- The Capable Adult Who Acts Out In Inappropriate Ways (That Means Sex): Two inappropriate work place romances and two names that start with D. Fly Away Home‘s Diana is the good sister. She’s got the house, the family, the career. She’s also banging one of her medical students. In The Corrections, good sister Denise is a rising star in the culinary world. She’s also banging her boss’s wife. Graphic sex ensues.
- Gross Guys Named Gary: In Freedom, Gary is the older brother, outwardly the most conventional of the Lambert siblings, but inwardly such a mess of neurosis, addiction, and anxiety it’s a wonder he’s still standing. He does fall off a ladder, actually, at one point. He’s depicted as dripping with sweat, bleeding, muttering, exploding in anger, and generally just “unlikeable” personified. In Fly Away Home, Gary is Diana’s hapless husband, a beta-male extraordinaire, also sweaty, and flabby, balding, pale, whiny, dependent, shiftless… he has no redeeming qualities and I somehow hated him more after Diana cheats on him. Emasculation ensues.
I was going to end the post here. But then I thought, what is it’s every more complicated? This is a conspiracy theory, after all. Maybe Weiner didn’t want to hide the fact that Fly Away Home is sloppy The Corrections fanfic. Maybe she wanted us to know it.
FACT: Fly Away Home spent eight weeks on the New York Times Best Sellers list in 2010 and peaked at #2. Freedom spent 29 weeks on the New York Times Best Sellers list in 2010-2011 and spent three of those weeks at #1. Fly Away Home fell off the list the very week Freedom debuted at #1.
By Weiner’s standards, Fly Away Home was a flop. Her website boasts that her twelve books “have spent over five years on the New York Times bestseller [sic] list,” which, by my calculations, means most of them stick around a lot longer than eight weeks. Getting bumped off just as Franzen ascends was enough to send her over the edge.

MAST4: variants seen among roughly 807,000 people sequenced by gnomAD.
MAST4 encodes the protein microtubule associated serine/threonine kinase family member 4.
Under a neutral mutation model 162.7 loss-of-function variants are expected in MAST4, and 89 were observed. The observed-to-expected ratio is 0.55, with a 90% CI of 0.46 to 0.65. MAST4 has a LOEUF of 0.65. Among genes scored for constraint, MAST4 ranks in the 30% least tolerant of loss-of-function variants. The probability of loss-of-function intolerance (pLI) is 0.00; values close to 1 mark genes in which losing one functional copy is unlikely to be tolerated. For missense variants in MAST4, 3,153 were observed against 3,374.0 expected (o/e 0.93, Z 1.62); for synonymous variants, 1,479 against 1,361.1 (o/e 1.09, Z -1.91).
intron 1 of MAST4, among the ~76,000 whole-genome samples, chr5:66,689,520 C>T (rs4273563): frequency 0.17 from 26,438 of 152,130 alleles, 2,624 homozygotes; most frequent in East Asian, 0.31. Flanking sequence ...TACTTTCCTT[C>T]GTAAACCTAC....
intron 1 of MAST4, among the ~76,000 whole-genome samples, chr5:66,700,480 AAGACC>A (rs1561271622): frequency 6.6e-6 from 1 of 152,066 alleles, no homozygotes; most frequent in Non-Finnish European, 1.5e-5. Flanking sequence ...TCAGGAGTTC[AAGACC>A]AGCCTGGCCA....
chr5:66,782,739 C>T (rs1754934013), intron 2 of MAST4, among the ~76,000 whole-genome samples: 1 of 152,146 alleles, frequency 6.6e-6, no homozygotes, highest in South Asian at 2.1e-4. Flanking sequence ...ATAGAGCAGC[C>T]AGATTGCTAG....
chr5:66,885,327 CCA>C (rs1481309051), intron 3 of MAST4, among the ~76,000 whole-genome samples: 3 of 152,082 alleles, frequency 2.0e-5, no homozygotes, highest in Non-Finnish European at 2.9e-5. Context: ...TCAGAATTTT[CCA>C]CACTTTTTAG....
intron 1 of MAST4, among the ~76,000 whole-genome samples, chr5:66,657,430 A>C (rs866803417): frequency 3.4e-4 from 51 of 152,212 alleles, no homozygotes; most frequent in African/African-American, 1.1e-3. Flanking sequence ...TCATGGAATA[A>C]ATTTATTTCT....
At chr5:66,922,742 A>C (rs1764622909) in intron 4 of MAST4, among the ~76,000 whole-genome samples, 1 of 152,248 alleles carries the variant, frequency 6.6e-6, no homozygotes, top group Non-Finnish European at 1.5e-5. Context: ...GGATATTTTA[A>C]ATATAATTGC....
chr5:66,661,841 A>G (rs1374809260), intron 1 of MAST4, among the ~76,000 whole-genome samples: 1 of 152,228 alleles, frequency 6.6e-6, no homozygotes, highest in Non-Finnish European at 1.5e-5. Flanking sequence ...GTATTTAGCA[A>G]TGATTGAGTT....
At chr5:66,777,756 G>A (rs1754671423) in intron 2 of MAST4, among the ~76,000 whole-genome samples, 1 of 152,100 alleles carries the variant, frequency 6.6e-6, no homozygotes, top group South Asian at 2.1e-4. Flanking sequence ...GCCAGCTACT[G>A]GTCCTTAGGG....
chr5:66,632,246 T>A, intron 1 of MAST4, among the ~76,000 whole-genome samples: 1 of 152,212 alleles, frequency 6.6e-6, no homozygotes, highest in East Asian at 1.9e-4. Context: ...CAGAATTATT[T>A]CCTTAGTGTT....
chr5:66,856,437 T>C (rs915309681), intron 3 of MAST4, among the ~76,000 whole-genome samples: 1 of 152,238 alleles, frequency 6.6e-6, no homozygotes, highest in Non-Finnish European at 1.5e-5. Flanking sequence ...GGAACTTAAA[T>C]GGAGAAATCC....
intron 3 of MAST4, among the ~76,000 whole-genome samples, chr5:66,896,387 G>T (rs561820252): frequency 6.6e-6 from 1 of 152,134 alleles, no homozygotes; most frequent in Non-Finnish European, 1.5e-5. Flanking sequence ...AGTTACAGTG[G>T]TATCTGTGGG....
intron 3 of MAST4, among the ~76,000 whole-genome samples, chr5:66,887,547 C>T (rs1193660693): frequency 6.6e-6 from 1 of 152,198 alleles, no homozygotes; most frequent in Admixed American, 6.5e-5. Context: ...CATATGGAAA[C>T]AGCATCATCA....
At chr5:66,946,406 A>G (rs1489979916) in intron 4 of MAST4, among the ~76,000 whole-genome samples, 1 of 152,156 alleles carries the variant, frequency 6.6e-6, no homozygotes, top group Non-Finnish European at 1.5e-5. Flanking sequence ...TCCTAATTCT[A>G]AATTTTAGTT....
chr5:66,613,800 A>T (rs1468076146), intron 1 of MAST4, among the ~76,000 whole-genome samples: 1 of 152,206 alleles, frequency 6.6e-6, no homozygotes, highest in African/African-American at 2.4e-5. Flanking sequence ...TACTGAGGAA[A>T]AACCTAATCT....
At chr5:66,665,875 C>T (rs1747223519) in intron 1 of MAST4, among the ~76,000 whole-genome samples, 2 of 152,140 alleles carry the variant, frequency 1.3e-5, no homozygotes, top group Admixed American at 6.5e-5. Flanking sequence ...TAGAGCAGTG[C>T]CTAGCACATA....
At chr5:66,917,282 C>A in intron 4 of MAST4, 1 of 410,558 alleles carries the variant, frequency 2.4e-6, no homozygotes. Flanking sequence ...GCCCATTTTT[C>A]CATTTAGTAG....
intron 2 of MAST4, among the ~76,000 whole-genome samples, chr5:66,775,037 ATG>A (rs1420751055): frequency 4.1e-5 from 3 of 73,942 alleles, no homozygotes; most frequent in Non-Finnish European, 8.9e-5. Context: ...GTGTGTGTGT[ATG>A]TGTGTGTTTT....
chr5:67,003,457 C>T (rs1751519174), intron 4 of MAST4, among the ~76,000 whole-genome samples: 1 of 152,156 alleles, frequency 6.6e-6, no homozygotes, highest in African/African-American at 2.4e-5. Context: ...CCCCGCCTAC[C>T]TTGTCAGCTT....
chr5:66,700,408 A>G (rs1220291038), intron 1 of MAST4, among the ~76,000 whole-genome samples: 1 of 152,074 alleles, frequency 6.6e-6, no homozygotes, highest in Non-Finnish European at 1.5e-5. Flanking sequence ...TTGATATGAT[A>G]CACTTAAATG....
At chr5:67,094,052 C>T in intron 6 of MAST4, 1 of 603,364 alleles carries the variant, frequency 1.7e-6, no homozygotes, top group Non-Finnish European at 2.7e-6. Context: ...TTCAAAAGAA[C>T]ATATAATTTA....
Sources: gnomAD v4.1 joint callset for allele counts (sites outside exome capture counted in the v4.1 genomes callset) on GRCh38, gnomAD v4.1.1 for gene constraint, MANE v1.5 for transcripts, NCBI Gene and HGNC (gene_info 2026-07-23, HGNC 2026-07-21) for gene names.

She needed a boost. Some publicity. You know what they say about publicity, right?
THE EVEN MORE SHOCKING TRUTH: Weiner started the feud with Franzen to deflect attention from the fact that Fly Away Home is a watered-down, simplified version of The Corrections UNTIL it didn’t sell, at which point she intensified the feud in hopes that someone would uncover the horrible truth, boosting sales and recovering her best seller list honour.
There’s just one problem. There are two types of people in this world: Those who read Weiner, and those who read Franzen. Okay, clearly, there is a third type who doesn’t give a fuck, but work with me here. No one noticed, because no one read both The Corrections and Fly Away Home. Until now.
And if all this doesn’t convince you that you’ve been lied to for years?
FACT: On October 4th, 2010, Franzen was in London promoting Freedom when his glasses were stolen. As in stolen off his face. A 27 year old student attempted to ransom them for $100,000 before being caught by police, who were aided in the chase by a helicopter and dogs.
FACT: Jennifer Weiner was in London on October 4th promoting Fly Away Home. Coincidence?
This isn’t over. I will be vigilant. I’ve got my eye on you, Ms. Weiner. If your next book is a thinly-veiled retelling of Great Expectations, except with Internet and fascism, a la Purity, I will be there. If any of your post-2010 novels feature a stay-at-home mom and/or birds and/or washed-up rock stars, a la Freedom, I will be there.